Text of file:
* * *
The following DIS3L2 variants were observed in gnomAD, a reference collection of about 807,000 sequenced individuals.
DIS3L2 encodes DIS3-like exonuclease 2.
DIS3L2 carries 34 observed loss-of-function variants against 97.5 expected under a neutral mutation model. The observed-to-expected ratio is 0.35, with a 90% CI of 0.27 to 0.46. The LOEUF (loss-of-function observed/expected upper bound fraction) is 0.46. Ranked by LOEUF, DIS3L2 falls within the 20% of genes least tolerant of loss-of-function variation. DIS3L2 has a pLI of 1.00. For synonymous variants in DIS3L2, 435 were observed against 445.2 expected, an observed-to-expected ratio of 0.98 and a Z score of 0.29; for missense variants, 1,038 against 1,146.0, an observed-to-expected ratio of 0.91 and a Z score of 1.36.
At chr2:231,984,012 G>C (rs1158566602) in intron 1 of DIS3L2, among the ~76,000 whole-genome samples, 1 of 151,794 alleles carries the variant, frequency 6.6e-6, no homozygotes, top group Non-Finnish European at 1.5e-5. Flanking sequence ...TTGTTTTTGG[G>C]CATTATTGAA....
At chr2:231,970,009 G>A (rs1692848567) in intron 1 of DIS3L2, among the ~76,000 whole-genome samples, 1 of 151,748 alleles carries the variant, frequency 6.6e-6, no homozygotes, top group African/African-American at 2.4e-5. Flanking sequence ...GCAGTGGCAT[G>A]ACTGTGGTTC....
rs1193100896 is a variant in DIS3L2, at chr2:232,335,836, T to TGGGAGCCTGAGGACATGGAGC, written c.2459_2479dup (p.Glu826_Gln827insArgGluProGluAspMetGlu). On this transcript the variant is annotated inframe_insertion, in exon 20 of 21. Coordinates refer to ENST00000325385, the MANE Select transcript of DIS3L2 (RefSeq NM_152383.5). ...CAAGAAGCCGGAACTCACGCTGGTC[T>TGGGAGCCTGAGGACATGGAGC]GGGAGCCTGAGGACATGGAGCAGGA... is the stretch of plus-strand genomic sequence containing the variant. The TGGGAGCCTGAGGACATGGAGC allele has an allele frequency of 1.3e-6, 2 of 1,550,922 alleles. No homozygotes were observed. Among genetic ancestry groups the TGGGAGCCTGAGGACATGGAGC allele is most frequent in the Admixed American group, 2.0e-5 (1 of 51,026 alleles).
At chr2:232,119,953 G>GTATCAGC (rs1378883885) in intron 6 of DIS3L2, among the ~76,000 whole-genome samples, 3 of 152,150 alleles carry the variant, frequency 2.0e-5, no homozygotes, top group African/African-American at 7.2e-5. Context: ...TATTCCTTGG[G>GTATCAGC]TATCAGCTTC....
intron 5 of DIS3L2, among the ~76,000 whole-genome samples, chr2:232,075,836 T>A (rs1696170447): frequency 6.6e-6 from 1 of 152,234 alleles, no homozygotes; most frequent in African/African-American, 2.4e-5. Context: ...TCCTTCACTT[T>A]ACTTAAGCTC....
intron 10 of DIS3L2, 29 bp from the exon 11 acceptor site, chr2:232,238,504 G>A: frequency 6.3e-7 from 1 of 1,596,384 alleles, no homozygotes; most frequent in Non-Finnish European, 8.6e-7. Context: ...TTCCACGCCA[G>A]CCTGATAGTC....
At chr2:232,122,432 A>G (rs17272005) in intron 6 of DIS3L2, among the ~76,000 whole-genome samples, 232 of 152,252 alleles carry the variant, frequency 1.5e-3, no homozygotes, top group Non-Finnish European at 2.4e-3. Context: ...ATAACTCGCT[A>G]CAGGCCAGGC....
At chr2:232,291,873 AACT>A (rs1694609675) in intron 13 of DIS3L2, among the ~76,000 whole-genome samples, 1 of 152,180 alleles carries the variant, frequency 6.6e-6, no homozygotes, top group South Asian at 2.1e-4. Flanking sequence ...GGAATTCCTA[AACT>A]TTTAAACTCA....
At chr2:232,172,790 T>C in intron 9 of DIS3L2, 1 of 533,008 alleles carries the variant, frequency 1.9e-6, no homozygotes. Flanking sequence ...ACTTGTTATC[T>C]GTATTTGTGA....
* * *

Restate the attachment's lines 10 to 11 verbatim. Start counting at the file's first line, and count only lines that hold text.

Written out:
At chr2:232,122,432 A>G (rs17272005) in intron 6 of DIS3L2, among the ~76,000 whole-genome samples, 232 of 152,252 alleles carry the variant, frequency 1.5e-3, no homozygotes, top group Non-Finnish European at 2.4e-3. Context: ...ATAACTCGCT[A>G]CAGGCCAGGC....
At chr2:232,291,873 AACT>A (rs1694609675) in intron 13 of DIS3L2, among the ~76,000 whole-genome samples, 1 of 152,180 alleles carries the variant, frequency 6.6e-6, no homozygotes, top group South Asian at 2.1e-4. Flanking sequence ...GGAATTCCTA[AACT>A]TTTAAACTCA....